Spacecraft to Study the Edge of the Solar System

The farthest human-made spacecraft, Voyager 1, is currently over 13 billion miles away from the Earth. At that distance, the spacecraft has passed through the heliosphere—the border between our solar system and interstellar space—which... Read more
The farthest human-made spacecraft, Voyager 1, is currently over 13 billion miles away from the Earth. At that distance, the spacecraft has passed through the heliosphere—the border between our solar system and interstellar space—which means technically, Voyager 1 has left the solar system completely. Despite having a spacecraft fly through this region, scientists still don’t understand much about the heliosphere. As NASA, SpaceX, and others plan various missions to send humans to Mars, one of the biggest questions is how safe astronauts will be while traveling through interplanetary space for months at a time. The primary danger of deep space travel is the kind of interstellar radiation particles around the heliosphere. But exactly how safe is still an open question. Read less
Laurel, MD ( )
July 13, 2018
Submitted by: popularmechanics
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Popular Mechanics

June 1, 2018The Interstellar Mapping and Acceleration Probe (IMAP) mission, planned for launch in 2024, will sample, analyze, and map particles streaming to Earth from the edges of interstellar space.  IMAP will collect and analyze particles that make it through the heliosphere, a sort of magnetic bubble surrounding and protecting our solar... Read more
June 1, 2018

The Interstellar Mapping and Acceleration Probe (IMAP) mission, planned for launch in 2024, will sample, analyze, and map particles streaming to Earth from the edges of interstellar space.  IMAP will collect and analyze particles that make it through the heliosphere, a sort of magnetic bubble surrounding and protecting our solar system. This region is where the constant flow of particles from our Sun, called the solar wind, collides with material from the rest of the galaxy, and limits the amount of harmful cosmic radiation entering the heliosphere. The spacecraft will be positioned about one million miles (1.5 million kilometers) away from Earth towards the Sun at what is called the first Lagrange point or L1. This will allow the probe to maximize use of its instruments to monitor the interactions between solar wind and the interstellar medium in the outer solar system.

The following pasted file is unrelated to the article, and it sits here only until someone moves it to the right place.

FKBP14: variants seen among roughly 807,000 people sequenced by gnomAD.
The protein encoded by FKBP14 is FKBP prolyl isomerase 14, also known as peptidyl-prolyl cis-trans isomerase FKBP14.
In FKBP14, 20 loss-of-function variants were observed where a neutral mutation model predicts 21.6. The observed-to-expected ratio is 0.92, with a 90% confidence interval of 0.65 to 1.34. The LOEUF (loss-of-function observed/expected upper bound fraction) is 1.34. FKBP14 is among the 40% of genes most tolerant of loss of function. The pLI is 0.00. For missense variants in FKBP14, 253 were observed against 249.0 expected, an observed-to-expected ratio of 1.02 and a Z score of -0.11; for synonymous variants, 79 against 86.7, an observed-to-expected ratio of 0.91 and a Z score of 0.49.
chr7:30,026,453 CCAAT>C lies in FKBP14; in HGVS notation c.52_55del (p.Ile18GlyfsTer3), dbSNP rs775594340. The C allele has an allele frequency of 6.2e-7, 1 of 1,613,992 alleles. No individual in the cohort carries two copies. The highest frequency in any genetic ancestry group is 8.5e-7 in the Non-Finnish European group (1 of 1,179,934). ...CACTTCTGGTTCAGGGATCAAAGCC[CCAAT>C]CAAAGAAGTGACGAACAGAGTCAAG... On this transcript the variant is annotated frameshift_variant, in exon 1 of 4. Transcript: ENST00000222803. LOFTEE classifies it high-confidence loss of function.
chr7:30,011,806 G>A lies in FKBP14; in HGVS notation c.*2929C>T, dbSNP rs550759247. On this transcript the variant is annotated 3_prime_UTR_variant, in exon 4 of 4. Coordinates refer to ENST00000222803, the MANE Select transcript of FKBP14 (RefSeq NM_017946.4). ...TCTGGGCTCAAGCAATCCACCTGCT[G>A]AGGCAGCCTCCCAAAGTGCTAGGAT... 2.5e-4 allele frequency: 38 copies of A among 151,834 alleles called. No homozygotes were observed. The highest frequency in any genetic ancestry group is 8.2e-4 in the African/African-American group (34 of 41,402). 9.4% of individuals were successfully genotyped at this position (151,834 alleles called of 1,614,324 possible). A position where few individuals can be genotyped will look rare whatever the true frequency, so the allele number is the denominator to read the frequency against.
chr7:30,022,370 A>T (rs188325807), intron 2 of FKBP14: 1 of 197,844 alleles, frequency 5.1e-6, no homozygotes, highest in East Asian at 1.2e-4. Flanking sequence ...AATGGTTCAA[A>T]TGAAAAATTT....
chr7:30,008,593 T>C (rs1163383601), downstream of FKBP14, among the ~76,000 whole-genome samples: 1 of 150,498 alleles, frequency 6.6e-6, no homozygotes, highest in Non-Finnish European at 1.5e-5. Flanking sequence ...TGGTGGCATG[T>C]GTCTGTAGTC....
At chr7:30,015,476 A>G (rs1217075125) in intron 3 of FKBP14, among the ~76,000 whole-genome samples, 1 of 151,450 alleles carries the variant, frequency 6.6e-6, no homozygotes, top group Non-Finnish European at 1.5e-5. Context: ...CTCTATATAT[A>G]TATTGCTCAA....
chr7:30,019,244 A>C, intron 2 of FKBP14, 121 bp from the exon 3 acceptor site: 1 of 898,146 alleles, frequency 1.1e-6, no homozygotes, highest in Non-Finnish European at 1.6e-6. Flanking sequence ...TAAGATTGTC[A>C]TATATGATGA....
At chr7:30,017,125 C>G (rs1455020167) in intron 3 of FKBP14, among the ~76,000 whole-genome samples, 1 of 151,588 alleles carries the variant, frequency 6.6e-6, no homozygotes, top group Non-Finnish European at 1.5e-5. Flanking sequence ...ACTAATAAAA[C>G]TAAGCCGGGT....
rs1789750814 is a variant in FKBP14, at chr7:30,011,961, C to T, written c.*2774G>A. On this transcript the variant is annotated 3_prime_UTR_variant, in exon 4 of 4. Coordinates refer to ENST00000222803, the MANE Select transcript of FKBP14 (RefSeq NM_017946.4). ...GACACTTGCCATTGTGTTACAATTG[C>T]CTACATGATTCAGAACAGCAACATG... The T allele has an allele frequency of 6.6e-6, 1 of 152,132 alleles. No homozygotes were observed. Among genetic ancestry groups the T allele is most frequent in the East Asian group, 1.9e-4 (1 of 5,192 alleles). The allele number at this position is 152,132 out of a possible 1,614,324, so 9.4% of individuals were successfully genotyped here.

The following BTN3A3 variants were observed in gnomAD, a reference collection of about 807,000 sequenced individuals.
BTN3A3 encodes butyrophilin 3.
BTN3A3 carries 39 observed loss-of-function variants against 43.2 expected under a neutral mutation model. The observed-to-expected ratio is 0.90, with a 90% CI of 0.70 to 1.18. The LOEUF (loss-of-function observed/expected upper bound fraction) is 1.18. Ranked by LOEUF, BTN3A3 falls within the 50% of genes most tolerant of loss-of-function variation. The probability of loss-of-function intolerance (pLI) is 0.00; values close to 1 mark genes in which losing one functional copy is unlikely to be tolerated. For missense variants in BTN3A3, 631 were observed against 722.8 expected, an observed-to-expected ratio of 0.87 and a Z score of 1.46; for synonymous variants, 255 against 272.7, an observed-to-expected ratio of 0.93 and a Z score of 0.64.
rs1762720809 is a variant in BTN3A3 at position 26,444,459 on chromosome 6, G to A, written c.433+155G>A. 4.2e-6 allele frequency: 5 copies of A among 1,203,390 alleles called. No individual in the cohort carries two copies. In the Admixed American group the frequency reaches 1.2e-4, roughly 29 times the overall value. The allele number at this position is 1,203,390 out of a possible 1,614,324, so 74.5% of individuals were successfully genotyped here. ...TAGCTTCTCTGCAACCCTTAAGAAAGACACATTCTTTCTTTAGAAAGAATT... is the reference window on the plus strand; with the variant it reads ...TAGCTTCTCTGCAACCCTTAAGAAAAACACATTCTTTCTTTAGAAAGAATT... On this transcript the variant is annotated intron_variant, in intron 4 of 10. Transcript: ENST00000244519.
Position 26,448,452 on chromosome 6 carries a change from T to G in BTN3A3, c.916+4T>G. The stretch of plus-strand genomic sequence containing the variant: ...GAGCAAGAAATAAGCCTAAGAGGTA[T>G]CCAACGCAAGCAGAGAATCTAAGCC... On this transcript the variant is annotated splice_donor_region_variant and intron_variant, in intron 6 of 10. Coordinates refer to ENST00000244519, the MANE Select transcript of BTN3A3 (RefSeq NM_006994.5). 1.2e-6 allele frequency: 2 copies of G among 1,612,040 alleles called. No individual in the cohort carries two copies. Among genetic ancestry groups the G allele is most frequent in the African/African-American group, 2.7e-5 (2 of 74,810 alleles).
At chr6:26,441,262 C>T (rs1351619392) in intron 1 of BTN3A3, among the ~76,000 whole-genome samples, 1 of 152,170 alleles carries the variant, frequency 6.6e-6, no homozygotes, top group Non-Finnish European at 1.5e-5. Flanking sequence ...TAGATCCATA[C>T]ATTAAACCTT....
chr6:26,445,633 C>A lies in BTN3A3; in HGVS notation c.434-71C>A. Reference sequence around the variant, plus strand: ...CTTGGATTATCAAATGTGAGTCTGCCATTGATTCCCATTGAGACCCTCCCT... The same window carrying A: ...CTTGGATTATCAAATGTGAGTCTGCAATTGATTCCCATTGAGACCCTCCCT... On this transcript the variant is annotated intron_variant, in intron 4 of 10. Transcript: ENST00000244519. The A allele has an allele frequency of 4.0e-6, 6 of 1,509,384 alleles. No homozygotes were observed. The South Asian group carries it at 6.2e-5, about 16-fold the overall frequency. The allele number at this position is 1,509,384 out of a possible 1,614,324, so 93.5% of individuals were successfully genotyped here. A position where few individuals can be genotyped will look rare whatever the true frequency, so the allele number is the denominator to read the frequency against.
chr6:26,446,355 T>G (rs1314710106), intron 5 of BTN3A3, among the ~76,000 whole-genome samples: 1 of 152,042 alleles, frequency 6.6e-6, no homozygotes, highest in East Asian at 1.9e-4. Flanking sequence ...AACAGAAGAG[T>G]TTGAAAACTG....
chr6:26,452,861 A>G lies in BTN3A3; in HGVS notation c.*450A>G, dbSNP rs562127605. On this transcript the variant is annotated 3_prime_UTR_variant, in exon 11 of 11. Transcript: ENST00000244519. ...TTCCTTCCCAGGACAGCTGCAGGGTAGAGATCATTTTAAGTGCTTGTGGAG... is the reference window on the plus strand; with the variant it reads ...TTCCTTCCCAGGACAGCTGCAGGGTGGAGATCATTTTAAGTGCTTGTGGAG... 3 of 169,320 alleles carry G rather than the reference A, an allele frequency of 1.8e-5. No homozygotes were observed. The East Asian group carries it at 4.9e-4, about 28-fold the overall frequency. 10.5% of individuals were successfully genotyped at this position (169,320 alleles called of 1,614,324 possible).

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NASA Green Lights Spacecraft to Study the Edge of the Solar System

06/04/2018 - Popular Mechanics

NASA Selects Mission to Study Outer Solar System

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